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Spring Hats Made of Fabrics of Other Days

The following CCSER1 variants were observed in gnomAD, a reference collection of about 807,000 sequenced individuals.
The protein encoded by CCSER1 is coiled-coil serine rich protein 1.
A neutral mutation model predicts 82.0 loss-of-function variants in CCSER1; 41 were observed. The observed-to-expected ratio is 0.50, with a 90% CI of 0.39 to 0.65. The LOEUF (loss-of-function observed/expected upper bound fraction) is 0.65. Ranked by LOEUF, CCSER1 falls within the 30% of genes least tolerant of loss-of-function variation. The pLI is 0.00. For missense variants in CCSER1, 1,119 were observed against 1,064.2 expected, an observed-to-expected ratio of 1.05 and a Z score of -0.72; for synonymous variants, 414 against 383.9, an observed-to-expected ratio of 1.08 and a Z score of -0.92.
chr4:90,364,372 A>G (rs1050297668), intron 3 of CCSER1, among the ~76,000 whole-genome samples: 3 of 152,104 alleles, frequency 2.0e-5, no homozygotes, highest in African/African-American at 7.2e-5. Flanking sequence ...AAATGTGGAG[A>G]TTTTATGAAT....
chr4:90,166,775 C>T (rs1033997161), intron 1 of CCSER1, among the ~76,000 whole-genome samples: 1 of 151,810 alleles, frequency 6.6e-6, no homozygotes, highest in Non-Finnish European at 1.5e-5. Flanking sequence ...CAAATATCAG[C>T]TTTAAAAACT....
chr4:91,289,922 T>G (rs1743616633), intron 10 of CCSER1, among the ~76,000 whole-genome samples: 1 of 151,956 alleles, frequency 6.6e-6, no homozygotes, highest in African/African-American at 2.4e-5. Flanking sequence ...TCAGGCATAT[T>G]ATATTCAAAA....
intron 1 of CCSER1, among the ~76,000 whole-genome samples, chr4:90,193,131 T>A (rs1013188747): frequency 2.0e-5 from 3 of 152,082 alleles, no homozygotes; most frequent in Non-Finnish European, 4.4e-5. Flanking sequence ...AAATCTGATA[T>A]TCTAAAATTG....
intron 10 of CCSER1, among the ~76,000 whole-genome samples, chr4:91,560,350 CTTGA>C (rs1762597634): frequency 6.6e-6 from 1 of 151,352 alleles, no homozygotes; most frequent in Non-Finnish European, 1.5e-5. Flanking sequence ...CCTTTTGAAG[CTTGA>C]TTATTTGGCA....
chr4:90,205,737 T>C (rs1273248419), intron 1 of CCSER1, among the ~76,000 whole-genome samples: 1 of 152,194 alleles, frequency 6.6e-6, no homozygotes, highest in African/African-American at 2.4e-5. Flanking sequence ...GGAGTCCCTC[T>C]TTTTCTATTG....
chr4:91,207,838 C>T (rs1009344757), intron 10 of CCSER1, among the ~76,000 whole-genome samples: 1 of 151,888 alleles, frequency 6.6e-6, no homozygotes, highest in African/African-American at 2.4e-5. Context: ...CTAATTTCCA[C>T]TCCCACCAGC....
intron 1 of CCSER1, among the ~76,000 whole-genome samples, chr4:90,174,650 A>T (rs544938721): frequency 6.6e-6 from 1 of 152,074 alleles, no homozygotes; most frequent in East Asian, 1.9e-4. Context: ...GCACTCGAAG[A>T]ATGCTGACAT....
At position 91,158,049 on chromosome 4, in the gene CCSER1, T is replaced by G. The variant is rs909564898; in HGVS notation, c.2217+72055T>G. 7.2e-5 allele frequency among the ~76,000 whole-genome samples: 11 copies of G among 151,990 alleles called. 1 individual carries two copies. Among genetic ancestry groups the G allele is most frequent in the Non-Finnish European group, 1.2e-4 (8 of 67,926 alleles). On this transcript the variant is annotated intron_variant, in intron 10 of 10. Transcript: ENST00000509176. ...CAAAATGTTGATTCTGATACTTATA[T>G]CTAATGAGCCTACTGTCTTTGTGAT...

?T ANNE RITTENHOUSE. /r~\ UEEIt things are sailing over ? 1 the horizon that are called % M hats. There used to be a say Lag that whatever waa ec ceniiiu, shapeless and worn on a woman's bead waa "washed In with the tide." One could revive that old seaside Impertinence aa a criticism of much that the miUinera offer today. Those of us who have lived, strug gled and rebelled at the bitter winter that some freak of nature threw upon us?let It be the planets. If the as trologers wish, for It Is well to put It off on something that can't answer back?have reason to be cordially grateful to the milliners, no matter what liberties they took with their wares. Why? Any woman who lived through months of slush and ice can give the answer. It Is this: They filled their windows with these gay harbingers of spring, and to those who were ice bound the sight was as an oil stove blazing with flame In an Igloo to Ad miral Peary when he was In search of the north pole. It has been an Interesting street scene to watch those groups of women breaking and shifting before the win dows in which gay sunshades and brilliant hats were shown to give, a promise that skies must clear and the streets must some day be dry. It waa a bit of Palm Beach and Havana thrown on the screen In order that women might get courage. Many a melancholy face smiled at the sight of a mass of flaunting, frivolous, dar ing hats of flowers, feathers, colored straw and bright ribbons. They made a new "kind of rainbow in the sky and cast their prismatic colors across flirty piles of black Ice, sooty snow, and puddles of melting mud. * * * * It was for all these things that the public was grateful to the milliners. Heretofore women have treated with ridicule the January display of June hats, but this winter they regarded the exhibition aa an entertainment arranged to keep up their morale. It was vaudeville In the trenches. This month these gay forerunners of a happy day are posing themselves on human heads Instead of wooden stands. A virile change has come over them. Borne are like those exhibited In the winter windows; others are fashioned In a different way. They suggest a fuller development of in genuity. License runs riot, howeve^ In spring hats as it does In spring gowns. There are no leaders la the verdict of the designers; therefore the world finds Itself clutching at straws. This to good for the public and good for trade. Paris may prefer the domi nance of a small set of women as through It the dressmakers are put in a straight and narrow path; they <o not beat the atr In vain. This Is a condition of great interest because it promises individual taste; It compels a woman to think for her * self; It relieves her from slavish ad herence to a limited fashion. She can choose according to her ype and so cial opportunity. Bhe no longer feels in the discard if she does not wear what the shop* pronounce aa the latest styles and that which her neighbor brings home from a larger elty. Uncertainty, hesitation and some anxiety are evident in the new hats. The milliners have been throwing new atylea into the air in a lavish manner that suggests the use of the classic cornucopia*. They have evidently been beset with anxiety to please. They want money. "We all want money. Tet We are willing to spend when we ses what we want. It is absurd for France and England to say that America Is ponring out money on frivolities as though her gold mine was ottomless; It Is absurd for the reason that women of London gad Parts have been equally reokless for a year. True, there is mow rea son for their orgy of extravagance as peace after pain, surcease from ter ror, have always resulted In a wild awing of Ike pendulum toward rook ies s gayety and an outpouring of money and vitality. It ia nothing new that has cents into the history of mankind. It is as old as a heart beat. ? * * * It is natural that the milliner* along with alt their apparel colleagues, should take advantage of this won drous chance to sell their warea The yenduhim Is bound to swing back again. The pessimists murmuri "Let them be merry, for tomorrow they die." And the optimist will answer backs "What matters It) we have learned to entch folly as It files." Do not tfclnfe that this world mad ness for frivolity and extravagance Is going to Inst, or that it is significant sf the character of people, it is an eld, sld phase that has appeared after suffering since wars began. Next yea* ve in America may look with distaste and aversion upon ?pending money as we are spending it this season, and an the vast tebrlo of Inflated prices, of currency valuation may Ms out as n rainbow vanishes tat* the atr. Is It nay wonder then thnt the mil liners have garnered all the (Mi&s that the world offers as suitable for ha tat Aren't they clever to realise that no one to especially fastidious today If one Is only amusedT And the new hats are amusing. They have Horsehair, Supple and Transparent, Is Used by Milliners to Get the Various Shapes That the Season Permits?Rose Leaves on Brims and Crowns?The Arabian Turbans. at lefti persian turban built of red and BLACK horsehair, rolled around the edge, worn low over the forehead, and topped with a mass op short black ostrich tips. at righti Romantic hat of oilcloth with a short Italian veil op black lace, which masks the eyes, and is longbr at one side, varnished black ribbon goes across the top and ends in large bow at one side. auoh variety, they contain ao many fabric* that ware never before used in hata that the reporter of fashions ia ecstatically happy over the con glomeration, and even the woman who la not In search for more than one food hat for the spring finds heraelf intrigued by the exhibition. One might aay that the old hata were for a few women and that the new hats are all things to all women. They are built to suit whatever pecu liarity the human face may poaaess, to carry out whatever characteristic a woman like* to diaplay, whatever ?octal environment surround* her life. The difference between the old and the new la marked. There la nothing Indefinite about It. The demure look haa cone. The American aallor has vanished. The high straight turbaq with its ribbon or feathers at the aide. Insistently worn by our middle-aged women, haa bean thrown Into the dls* card. * ? * ? There Is an air of bravado about new hats that brings up the qusation of suitabtlty to the mass of women. It la not powlba for a woman with a round, yaln face aad high eater, or a faded, tired face without color, to wear hata that suggest daring, eoquet ry, a spirited dash at Independence. The other type of women must have hata. They cannot go bareheaded In the streets, but they must ehooao, and ahooaa carefully. After this warning haa been given and haa sunk Into the mind there la no reaaon for them to go bareheaded. The count era are Ailed with sensible hata. They are made of straw, of aatln and fhffeta; they are trimmed with ribbon, with to wore/ aad per haps with ? plume, a 114 they are the ones toward which the woman with out an unusual face must go. On each side of the demure hata are such things as rainbow hats, Chinese pagodas, East Indian turbans. These beckon, but only the select few should be lured. Of all these hata the rainbow one Is the moat dangeroua Over It should be a red tamp and In front of It should be a brake man with a red S*|. Yet, despite warning*, It flaahea through the street*. In the restaurants, and even In the trains. It la made In varied colors. lAtart ed with raflla braid and It has ended tn rainbow plumes that might be worn by the caparisoned horses In the dur bar at Delhi. Whoever Invented the varl-color hat should be Interned. As a bit of ec centricity, as a medium for theatrical bravado these hats had their place. They were begun tn a gentle manner, but they spread like a prairie fire, - gathering strength and glory as they want. Some of thera are strangely llko the huge panache of red. green and blue plumes that are placed on a horse's head la a procession. These are made of oetrlch feathers, the strands of which are actually colored red, pur ple and green, or red. blue and white. They fall In profusion downward from a large, round crown and thp enda of them blow about the face and over the ears la a manner that produces a look of wlldnesa and disorder In a woman's fhce. * * * * The gentle rainbow hats are small, made of slender strands of colored raffia, running In straight stripes, or pleated lato small aquarea. Over a young girl's face thla hat baa a strong attraction, especially when It la worn with a aport ault In the country. In between the quiet and the violent rainbow hata are many that cannot be put In any category. They merely adhere to the general low of placing flashing, gorgeoua, primary colors In olose and direct opposition to each other. The moat demure form that the rainbow lakes la In colored rntlla, used mm a band around the crown of mi oil cloth ha,t. Writing of curious mixtures and the unusual fabrics that milliners have exploited this season, who. In other days, would have wanted to give (40 for a flaring hat made of commoon black oilcloth and trimmed with strands of straw T Tet no one objects to this queer mixture today. An even queerer mix ture Is to combine a mass of pink rose leaves with olleloth as If on* had dropped a shower of rose leaves from a basket on the covering of a kitchen table. Who would think In other days of taking colored horsehair, rolling It Into great cable oords, mounting It on colored tulle, then dyeing au ostrich plume in flvo different colors and put ting It over the ear to hang down on the shoulder like an earring? There are hats that go further in eccentricity. These are turbans or horsehair, the kind of stuff that our grandmothers covered ths sofas with. They are guiltless of trimming on the crown, but they are glorious over each ear where their is an Immense plaque of colored crystals from which dan gles a necklace that drops under the chin. One, therefore, need not fe? dis turbed by the thought of eccentricity. One need not even try to avoid it. The publlo does npt turn and stare at cu rious clothes as It did la other days. We have become accustomed to so much. Callousness has set In. Is that to be deplored? The spring has proved ons thing,* which Is that patsnt leather and oil cloth do not belong to a day that is dbne. It was prophesied that they would release their hold on publlo fancy when the winter paned, but they have come tQ remain until sum mer, If not after. Be warned of these hats also. They require the soft modeling and smooth coloring of youth beneath them. Age should not attempt them. The face that is lined with experience, deeply touohod with cosmetlos m th? fran tlo doalre to retain the semblance of youth, needs a head covering of plas tlo fabrlo and deft drapery. Btia, se ??re lines are not for that type, nelth er are shining fabric*. Therefore oilcloth waa a dangerous material to brlag Into tha millinery hualr.oas. it ahould have been left to .he dressmakers, and If the young and thei *ay wanted to adventure Into hata 2L n^0r,',? *?* ? '?r them to decide. The very fact that they could rear oilcloth cava to them the pleas ure of drawing attention to tkelr lack of years. * * * * The milllaera are not In accord wHh bonesTwIth1 ""'f"1 Ul*Jr "trlotly T * patron. They kcow-ihe ^wever. for regard tha clever manner In whioh they line tha brim ?I an oilcloth hat with a ahower of pink roee leaves. A clever trick, thia one that should be tak*n up by the., who are building haU of taffeta, of horaohair and thin atraw. Nothing so completely keeps a harsh material away from tha face aa roses and no arrangement of roses is so graceful aa their dissolution into way ward leaves. Touth la atu-ely tug gested by this method of handing, yet age la softened. Aa horsehair la again the fashion, there win be aa added temptation to nae broken rosea aa the -fashion fbr commingling them ia aid and satisfy *&? two blend wen together ?na th?y ktrt the remarkable quality af aetUlag themselves with distinction upon a variety of heada. You may remember that fashion when it waa in its laat Incarnation. TOere were huge hata of black horse hair then, silken and translucent, that were twisted and turned Into alluring shapes that melted lato the coiffure. Pink roses were placed beneath th? lifting brim, or in a wreath arevnd the crown. Ak>ng with a boxful of ancient fab rlca and trlcka oomea horsehair. It doea not like to ha left la outer Told, probably, when ita eld frieada bare re-entered society thia spring. Qatlt lng, croaa stitch, rickrack, unbleached muslin and worsted flowera are back in the glare of fashion, aa It waa I natural for the milliners to remember another old favorite. No warnings are needed for horse hair. it la one of the moat adaptable fabrics that the milliners can exploit In a season when expert manipulation Is necessary, if one ia to follow the Various shapes that the market offers this revival is appreciated. No further evidence la needed of the conglomeration af ideaa that are pre. ?eated In the new hata thaa the Jaxta position of Arabtaa turban*, roeeleaf farden hata Egyptian >>..4 dreaaea and the remantia Spanish hat with Us veil over the eye* Ju** a few of the styles that have beea Inaugurated. Swirling around them are dosena of motha. - bltloua to be in the light. Tha tm aemtag of the ramaatle Spanlah hat waa to be expacted. Lanvln of Paste Introduced the shape with her frUled frocka of taffeta more than six ago. A few French women wore these hata while they were in New Tork, but the fashion did not get a grip an this country. * * * * Probably we are too self-conseleas ta attempt tha Latin art of coquetry except at odd moments and andar the protection of a roof: The Spaalah hat Is coquettish, yoa know, and It waaid look aalte utterly abeurd ever a face that was accuatomed to looking plain facts in the face every day. it needs to go with "the coma hither" -rrtsl In the eye Toung Americana do net lack thia look; therefore, the bat has it place ia our society. One of the strange freaks in milli nery la to build it of oilcloth with varnlahed ribbon, and from auoh a crown Is dropped a flounce of thin black lace to cover tha eyes. The fashion for veils swings be tween the masqpe veil of the roman tic period in Fiance and Italian Jfcsl ions and the long, floating veil of Arabia and Iforocoo. It is a ten-to-one wager that the America* woman will adopt the latter faahlon with more avidity thaa she will show toward tha former. Ameri cana like floating veils, even thoagh they are Responsible for the universal faahlon of plaateriag aet ever the face and drawtag it tight under the chin ta be securely eaagbt at naaa af neck. France adopted oar faahlon in fall measure and gave It op daring the war. She haa beea the aponser for the floating veil ever alnce the mlltt nere took up oriental fsahlona. Lace Is used for the volumlnoua veil, also plain tulle. Black Is not as much liked as brown, bronse and the color called blonde. As many of- the new turbans are made of opaleacent tlsaae and trim med with an ornament of motber-ef pearls, the floating veil of thin tutlo tulle gives to the most modern ef women a strong suggestion of the Mo hammedan orient. By the way, these opalescent colors grow In faahion aa the season pea-, gresses. They are strongly suggestive of the glovy of Byzantium.